Just when you thought you knew about every STI in the book, trichomoniasis shows up. Trichomoniasis or "trich" is found more often in women than men, but affects both sexes. Caused by a parasite passed during vaginal intercourse, like most STIs, it's usually preventable with proper protection. Carriers of trich typically show very few symptoms. Women who do show symptoms will usually notice them within five to 28 days after exposure.
- Reddening of the vagina or vulva
- Frothy, green or yellow vaginal discharge.
- Fishy odor
- Discomfort during sex and/or urination
To learn about the complications of this STI and treatment please read more.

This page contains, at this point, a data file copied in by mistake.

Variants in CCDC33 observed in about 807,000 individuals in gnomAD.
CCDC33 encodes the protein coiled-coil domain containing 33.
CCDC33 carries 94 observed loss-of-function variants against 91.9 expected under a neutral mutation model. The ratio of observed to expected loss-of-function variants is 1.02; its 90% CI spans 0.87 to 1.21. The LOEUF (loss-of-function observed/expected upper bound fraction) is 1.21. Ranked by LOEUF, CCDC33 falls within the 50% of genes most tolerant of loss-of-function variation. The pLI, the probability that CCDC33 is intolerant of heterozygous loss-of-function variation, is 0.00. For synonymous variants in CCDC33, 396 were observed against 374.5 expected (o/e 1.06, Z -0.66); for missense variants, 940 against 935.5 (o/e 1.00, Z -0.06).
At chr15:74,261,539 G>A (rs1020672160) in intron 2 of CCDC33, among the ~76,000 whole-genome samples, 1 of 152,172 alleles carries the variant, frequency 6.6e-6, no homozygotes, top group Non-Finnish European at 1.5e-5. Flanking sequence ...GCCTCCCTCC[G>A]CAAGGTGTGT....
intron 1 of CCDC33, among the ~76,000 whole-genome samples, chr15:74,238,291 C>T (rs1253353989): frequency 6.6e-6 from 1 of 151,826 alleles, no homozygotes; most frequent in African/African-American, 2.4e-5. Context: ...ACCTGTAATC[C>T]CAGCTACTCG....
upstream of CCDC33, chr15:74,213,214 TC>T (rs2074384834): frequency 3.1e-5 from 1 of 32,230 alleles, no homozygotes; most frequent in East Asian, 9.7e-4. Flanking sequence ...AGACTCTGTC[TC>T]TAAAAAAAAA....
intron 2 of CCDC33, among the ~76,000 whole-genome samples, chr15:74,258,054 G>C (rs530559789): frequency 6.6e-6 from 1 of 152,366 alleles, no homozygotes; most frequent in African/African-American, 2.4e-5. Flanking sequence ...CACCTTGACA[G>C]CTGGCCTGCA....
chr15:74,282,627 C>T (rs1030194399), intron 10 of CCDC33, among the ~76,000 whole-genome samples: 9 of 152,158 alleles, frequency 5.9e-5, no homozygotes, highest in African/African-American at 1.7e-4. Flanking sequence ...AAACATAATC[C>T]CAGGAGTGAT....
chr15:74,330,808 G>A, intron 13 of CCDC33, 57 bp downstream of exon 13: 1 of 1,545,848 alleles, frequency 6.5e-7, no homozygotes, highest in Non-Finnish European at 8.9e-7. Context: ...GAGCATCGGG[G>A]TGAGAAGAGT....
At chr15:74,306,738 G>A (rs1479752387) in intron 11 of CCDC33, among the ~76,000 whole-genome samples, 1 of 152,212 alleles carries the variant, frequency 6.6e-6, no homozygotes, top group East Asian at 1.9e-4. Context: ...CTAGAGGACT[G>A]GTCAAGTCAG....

Complications: While trich is not a dangerous or life-threatening infection, it can lead to an increased risk of both HIV and genital herpes and a higher rate of PID and preterm births in pregnant women.
Treatment: To test for trich, your gynecologist will perform a physical exam and have lab-work done. Should the diagnosis be positive, you'll be prescribed an oral drug.
Dear's Advice: Although trich may be considered a minor STI compared to herpes and HIV, it's important to recognize that it comes with its own set of concerns and should be treated as soon as possible. As with all STIs, using a condom will greatly reduce your chances of infection.